Newjack: Guarding Sing Sing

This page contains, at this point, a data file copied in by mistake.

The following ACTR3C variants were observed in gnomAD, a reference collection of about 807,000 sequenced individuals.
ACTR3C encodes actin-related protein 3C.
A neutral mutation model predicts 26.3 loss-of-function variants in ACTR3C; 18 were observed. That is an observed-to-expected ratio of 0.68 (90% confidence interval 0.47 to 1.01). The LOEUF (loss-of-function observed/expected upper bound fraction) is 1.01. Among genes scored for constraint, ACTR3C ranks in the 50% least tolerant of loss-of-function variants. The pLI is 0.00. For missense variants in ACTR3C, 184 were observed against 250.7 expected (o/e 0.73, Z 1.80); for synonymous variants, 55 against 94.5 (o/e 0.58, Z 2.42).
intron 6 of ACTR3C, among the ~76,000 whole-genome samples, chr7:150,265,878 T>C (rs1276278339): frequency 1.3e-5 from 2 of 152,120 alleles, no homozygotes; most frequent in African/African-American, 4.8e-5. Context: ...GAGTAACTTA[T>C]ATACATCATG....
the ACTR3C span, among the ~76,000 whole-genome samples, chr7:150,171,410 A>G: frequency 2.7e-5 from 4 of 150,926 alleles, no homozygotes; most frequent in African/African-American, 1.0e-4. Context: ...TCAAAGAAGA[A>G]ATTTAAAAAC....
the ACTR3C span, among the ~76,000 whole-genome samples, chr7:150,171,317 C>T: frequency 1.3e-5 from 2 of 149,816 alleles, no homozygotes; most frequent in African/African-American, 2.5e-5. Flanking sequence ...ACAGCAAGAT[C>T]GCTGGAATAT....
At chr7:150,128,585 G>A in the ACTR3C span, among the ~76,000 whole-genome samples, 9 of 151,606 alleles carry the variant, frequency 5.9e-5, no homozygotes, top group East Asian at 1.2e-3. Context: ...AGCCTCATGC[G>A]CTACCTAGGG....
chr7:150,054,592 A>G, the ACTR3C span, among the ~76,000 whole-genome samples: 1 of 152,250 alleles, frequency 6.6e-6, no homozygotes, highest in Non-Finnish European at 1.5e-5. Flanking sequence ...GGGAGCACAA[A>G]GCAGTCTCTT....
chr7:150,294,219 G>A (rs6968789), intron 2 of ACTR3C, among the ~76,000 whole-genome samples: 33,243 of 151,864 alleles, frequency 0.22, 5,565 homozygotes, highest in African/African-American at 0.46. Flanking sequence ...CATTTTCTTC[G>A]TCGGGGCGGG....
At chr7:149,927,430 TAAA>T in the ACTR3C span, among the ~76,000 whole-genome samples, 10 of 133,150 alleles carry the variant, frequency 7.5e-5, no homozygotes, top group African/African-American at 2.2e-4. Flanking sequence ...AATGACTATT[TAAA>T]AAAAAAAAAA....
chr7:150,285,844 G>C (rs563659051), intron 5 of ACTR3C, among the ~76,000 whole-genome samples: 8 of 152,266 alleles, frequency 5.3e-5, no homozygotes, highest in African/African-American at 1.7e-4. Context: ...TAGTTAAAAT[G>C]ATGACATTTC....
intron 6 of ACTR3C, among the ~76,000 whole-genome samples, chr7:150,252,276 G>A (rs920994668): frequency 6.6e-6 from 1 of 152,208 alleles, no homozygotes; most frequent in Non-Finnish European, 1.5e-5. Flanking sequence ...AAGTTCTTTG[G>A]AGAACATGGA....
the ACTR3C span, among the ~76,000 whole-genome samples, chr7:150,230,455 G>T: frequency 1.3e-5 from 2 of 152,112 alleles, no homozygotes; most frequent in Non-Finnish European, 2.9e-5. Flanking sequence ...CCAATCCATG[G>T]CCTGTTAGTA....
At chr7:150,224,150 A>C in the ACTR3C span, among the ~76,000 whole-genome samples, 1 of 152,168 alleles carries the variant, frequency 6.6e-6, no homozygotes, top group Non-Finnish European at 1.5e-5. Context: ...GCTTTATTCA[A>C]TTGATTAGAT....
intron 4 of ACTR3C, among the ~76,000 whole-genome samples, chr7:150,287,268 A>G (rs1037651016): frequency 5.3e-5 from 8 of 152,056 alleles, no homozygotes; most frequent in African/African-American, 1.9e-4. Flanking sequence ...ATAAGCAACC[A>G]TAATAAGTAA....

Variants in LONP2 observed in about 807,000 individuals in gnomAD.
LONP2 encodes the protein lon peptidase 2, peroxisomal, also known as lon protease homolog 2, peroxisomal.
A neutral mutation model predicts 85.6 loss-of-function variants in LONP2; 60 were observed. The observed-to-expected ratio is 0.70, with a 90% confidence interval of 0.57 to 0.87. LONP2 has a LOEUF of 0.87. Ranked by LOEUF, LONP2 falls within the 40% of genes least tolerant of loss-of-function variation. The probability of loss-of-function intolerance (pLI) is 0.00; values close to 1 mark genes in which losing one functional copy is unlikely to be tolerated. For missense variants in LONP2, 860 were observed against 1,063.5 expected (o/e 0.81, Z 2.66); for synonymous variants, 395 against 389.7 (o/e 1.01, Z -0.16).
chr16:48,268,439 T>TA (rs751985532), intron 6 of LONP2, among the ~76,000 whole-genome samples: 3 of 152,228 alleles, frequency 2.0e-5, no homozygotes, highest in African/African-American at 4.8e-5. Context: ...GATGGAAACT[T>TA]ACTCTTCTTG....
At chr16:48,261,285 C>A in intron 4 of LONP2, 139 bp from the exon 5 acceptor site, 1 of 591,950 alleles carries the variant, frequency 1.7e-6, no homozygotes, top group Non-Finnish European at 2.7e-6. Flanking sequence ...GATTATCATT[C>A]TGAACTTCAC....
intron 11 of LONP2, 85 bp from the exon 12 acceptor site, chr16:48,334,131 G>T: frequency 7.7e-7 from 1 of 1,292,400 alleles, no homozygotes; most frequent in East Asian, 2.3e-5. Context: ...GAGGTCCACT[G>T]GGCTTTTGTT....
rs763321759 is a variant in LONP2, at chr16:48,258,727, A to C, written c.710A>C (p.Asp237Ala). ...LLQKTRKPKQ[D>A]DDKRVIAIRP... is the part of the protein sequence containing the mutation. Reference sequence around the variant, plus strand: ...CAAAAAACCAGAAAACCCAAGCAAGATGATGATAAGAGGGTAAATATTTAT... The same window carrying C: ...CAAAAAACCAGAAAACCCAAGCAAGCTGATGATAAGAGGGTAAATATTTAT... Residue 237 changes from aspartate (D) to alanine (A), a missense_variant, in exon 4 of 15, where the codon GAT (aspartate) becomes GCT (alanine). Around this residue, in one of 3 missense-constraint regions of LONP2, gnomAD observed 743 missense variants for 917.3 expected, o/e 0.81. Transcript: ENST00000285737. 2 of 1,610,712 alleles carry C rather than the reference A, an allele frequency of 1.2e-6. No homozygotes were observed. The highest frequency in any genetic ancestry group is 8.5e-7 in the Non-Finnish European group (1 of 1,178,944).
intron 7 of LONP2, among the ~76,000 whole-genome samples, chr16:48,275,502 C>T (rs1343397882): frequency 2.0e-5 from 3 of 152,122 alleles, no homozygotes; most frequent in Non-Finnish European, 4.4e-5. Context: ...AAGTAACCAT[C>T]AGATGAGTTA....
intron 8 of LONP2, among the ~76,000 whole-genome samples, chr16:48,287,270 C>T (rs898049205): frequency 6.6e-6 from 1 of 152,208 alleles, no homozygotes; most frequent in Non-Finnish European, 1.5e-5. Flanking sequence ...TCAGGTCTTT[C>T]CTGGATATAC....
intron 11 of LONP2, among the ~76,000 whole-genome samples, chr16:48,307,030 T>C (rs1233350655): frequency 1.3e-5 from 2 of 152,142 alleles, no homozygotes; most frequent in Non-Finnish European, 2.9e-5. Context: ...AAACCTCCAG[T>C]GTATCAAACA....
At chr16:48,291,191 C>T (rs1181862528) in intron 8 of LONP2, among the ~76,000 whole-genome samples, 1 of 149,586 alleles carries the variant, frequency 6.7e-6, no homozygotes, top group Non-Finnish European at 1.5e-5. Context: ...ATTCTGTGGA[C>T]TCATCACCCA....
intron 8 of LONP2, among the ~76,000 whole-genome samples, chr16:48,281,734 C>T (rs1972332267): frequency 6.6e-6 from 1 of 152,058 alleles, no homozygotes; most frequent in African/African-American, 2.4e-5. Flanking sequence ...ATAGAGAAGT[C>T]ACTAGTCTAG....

The distressing experience of operating as a prison guard in such a notorious penal facility as New York State’s Sing Sing Penitentiary is one that is unlikely to be desired by one not professionally committed to the execution of prison uniformity. However, the outstanding novel written by Tom Conover illustrates the encounters of a journalist who voluntarily plunged himself into the obscure universe of the men and women paid to spend the better portion of their lives behind prison barriers. In Newjack: Guarding Sing Sing, Conover creates a noteworthy document resonating personal emotional occurrences that nonetheless suggest the cultural sensitivity of a true prison guard. From the standpoint of our studies on the concept of incarceration, this is a remarkable work, shaping the characteristically oversimplified prison guard as – apart from his reputation for viciousness and hostility – a multifaceted figure facing a demanding and internally contradictory role. At the core of Conover‘s masterpiece is the perception that the prison guard must find a way to tread the balance between assertive authority and consent to involvement within the context of a society founded and controlled by the prisoners. Conover spent a year working as a “newjack”—the inmate term for a new New York state correctional officer. Upon departure from the training academy he was assigned to work in Sing Sing, the state’s maximum security prison in Ossining, where most inexperienced officers spend their first months on the job. Newjack tells the story of Conover’s initiation into correctional work. After a short time at the academy and a brief period of on-the-job training, Conover found himself working, frequently alone and always weaponless, in galleries housing sixty or more inmates. As a newjack, he was responsible for the care and custody of scared young first-timers, drug addicts, gang members, violent predators, and physically incapacitated...
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